HoST Fall 2011
Week of 9/20-9/22
Back to HoST Fall 2011 Syllabus
Email me: email@example.com
The Quadrivium: Arithmetic, Music, Geometry, and
Astronomy are highlighted in yellow.
Updated: 10/13/11 5:25 PM
Advice on how to read: In general I suggest that you jot stuff down in the margins as you read. (Or jot down the page number and a comment on a separate sheet of paper.) If you think of some movie you saw, jot it down, if you thought of what you had for lunch… jot it down. Start to let your mind make connections, not just obvious ones, but ones that may be a bit more cryptic. Generally speaking, this stuff cannot be skimmed. The devil is generally in the details. If you are already familiar with a text, skimming it will refresh your memory. But stuff like Lucretius requires full attention on the first pass otherwise you probably won’t retain much. Try to have enough time to get into it. Otherwise it is just painful and/or dull and meaningless. Then school is a bore and you become a bore and a drone… etc. School is what you make of it.
1-Read this essay I wrote on Plato’s “Myth of Er” from the Republic. This story is found in last few pages of the Republic NewsomeErsCosmosDraft-2009sm-244KB.pdf. 7pp (I posted Cornford’s translation of this story/myth last week in the Plato PDF if you want to look at it).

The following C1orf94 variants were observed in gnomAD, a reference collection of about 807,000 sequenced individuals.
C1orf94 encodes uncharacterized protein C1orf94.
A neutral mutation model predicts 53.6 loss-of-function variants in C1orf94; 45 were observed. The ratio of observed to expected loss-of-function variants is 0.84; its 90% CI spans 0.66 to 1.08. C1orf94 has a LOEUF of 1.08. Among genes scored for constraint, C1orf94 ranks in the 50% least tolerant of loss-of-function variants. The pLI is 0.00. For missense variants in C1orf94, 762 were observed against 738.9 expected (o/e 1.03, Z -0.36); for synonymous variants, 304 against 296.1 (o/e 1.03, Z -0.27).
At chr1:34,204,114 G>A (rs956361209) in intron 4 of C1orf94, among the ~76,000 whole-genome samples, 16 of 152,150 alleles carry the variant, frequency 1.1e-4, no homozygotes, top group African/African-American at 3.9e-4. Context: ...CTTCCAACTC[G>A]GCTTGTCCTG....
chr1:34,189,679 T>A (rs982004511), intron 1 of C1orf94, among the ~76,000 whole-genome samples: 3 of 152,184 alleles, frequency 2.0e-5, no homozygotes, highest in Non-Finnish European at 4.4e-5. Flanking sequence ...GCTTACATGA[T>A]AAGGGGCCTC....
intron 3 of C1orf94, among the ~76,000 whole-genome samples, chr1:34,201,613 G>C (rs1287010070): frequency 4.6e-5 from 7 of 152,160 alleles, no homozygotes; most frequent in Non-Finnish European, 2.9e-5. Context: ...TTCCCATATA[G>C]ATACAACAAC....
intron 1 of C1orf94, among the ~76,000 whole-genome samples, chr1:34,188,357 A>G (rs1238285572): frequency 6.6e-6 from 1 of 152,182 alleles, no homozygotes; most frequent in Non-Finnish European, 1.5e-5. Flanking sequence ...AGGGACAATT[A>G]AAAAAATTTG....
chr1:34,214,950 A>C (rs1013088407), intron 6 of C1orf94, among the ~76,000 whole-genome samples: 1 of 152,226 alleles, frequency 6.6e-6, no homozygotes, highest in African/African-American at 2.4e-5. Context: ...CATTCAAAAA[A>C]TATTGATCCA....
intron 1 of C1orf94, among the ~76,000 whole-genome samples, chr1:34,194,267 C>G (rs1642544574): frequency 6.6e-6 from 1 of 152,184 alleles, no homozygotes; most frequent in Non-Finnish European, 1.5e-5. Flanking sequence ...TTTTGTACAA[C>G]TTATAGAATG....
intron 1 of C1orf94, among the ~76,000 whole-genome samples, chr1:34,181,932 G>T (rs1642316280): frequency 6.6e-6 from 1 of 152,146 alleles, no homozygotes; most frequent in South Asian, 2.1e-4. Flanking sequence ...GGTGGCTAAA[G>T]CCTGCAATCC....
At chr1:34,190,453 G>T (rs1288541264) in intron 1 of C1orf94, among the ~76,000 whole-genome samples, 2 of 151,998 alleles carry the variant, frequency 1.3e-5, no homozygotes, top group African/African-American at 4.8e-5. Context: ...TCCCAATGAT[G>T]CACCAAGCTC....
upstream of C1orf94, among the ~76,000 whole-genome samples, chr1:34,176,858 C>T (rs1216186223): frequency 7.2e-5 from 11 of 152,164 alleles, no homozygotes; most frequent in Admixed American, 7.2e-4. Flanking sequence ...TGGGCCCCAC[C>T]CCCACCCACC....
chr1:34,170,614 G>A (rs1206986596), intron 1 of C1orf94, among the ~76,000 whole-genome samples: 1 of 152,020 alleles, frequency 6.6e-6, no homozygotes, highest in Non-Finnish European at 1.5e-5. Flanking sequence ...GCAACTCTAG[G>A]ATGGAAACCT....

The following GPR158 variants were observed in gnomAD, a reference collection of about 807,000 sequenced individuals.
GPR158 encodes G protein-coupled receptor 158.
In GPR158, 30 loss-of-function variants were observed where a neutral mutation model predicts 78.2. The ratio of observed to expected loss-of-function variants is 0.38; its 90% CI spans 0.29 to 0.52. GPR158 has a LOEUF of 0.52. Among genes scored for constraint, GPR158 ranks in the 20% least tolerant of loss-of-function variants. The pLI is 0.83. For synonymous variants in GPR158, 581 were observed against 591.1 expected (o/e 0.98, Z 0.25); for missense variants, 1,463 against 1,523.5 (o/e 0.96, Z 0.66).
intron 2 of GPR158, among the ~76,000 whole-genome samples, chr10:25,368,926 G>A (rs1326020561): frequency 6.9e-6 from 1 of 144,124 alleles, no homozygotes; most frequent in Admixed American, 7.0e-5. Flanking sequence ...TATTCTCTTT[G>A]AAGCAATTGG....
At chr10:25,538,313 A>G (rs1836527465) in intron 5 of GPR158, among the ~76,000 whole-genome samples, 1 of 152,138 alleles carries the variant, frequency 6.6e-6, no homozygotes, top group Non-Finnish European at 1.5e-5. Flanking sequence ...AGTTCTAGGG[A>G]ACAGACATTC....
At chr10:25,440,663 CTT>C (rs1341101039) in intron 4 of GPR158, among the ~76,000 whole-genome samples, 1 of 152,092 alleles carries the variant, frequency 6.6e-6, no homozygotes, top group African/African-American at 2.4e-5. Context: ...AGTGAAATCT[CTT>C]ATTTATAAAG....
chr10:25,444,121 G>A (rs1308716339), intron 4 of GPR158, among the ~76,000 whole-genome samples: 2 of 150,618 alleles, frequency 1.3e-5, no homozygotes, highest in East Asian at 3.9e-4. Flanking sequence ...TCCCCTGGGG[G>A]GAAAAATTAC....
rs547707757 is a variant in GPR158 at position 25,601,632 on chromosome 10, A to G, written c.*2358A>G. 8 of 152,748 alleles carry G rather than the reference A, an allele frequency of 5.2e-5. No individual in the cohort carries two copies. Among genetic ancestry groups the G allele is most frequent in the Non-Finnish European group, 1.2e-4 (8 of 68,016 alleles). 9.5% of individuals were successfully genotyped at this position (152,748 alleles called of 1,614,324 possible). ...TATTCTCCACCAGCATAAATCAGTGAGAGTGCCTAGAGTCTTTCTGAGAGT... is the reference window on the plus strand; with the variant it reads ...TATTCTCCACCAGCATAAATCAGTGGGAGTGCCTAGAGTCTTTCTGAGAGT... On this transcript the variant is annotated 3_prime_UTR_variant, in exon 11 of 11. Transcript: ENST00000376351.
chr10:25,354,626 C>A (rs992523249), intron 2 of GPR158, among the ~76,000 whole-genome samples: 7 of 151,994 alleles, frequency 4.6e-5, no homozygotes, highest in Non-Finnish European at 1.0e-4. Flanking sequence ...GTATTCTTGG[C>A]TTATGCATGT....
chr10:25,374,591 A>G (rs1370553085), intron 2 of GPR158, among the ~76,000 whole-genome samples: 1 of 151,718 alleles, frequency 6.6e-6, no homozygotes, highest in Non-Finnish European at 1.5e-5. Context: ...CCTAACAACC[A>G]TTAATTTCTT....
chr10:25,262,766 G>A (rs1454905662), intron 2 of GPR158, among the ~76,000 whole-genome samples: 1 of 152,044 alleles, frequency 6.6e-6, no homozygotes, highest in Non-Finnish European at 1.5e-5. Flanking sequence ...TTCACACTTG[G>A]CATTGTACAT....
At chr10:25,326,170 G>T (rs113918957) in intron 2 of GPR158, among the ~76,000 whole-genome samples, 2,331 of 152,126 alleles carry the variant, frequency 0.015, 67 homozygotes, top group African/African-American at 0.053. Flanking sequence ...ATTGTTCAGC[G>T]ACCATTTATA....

2- Read another thing by me on premodern arithmetic. Newsome-Arithmetic.pdf 5pp
In-class music lab.
1-Read McClellan and Dorn: pp. 65-78 13pp
1- Read Book I, "Matter and Space," in Lucretius’On the Nature of the Universe. (you bought this book for this class). This first book of Lucretius is a bit stiff, but necessary for the rest of the book. Also the first page or so is rather weird. Memmius is Lucretius' patron. Don't let all the weird intro stuff bother you. Let your mind create the images he paints. Free associate. Draw little diagrams if that is useful. 26pp
Here is a PDF of Book I for those who didn't receive their copies yet.
It's from an older Penguin ed. but it is still Latham's translation.
Citations for the above readings and audio:
Lucretius Carus, Titus, R. E. Latham, and John Godwin. On the Nature of the Universe. Translated by R. E. Latham and with Introduction and Notes by John Godwin. Penguin Classics. New York: Penguin Books, 1994.